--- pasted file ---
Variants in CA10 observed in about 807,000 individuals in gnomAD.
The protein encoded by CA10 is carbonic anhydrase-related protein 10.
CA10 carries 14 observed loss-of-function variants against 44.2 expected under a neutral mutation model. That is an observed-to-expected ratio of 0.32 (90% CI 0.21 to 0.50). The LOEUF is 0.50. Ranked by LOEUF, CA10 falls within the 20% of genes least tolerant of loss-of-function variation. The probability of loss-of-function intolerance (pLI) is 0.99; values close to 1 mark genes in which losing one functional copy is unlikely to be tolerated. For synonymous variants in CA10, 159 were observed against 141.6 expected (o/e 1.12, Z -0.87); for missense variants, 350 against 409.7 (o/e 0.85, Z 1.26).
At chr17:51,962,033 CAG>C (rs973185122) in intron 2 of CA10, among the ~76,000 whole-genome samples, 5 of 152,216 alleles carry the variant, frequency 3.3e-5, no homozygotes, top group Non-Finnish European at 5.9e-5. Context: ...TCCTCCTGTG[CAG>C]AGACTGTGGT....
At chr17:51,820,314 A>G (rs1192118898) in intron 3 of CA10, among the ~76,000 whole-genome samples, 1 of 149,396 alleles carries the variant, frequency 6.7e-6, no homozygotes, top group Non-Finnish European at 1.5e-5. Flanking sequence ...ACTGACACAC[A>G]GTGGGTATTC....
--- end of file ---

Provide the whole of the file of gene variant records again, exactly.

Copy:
Variants in CA10 observed in about 807,000 individuals in gnomAD.
The protein encoded by CA10 is carbonic anhydrase-related protein 10.
CA10 carries 14 observed loss-of-function variants against 44.2 expected under a neutral mutation model. That is an observed-to-expected ratio of 0.32 (90% CI 0.21 to 0.50). The LOEUF is 0.50. Ranked by LOEUF, CA10 falls within the 20% of genes least tolerant of loss-of-function variation. The probability of loss-of-function intolerance (pLI) is 0.99; values close to 1 mark genes in which losing one functional copy is unlikely to be tolerated. For synonymous variants in CA10, 159 were observed against 141.6 expected (o/e 1.12, Z -0.87); for missense variants, 350 against 409.7 (o/e 0.85, Z 1.26).
At chr17:51,962,033 CAG>C (rs973185122) in intron 2 of CA10, among the ~76,000 whole-genome samples, 5 of 152,216 alleles carry the variant, frequency 3.3e-5, no homozygotes, top group Non-Finnish European at 5.9e-5. Context: ...TCCTCCTGTG[CAG>C]AGACTGTGGT....
At chr17:51,820,314 A>G (rs1192118898) in intron 3 of CA10, among the ~76,000 whole-genome samples, 1 of 149,396 alleles carries the variant, frequency 6.7e-6, no homozygotes, top group Non-Finnish European at 1.5e-5. Flanking sequence ...ACTGACACAC[A>G]GTGGGTATTC....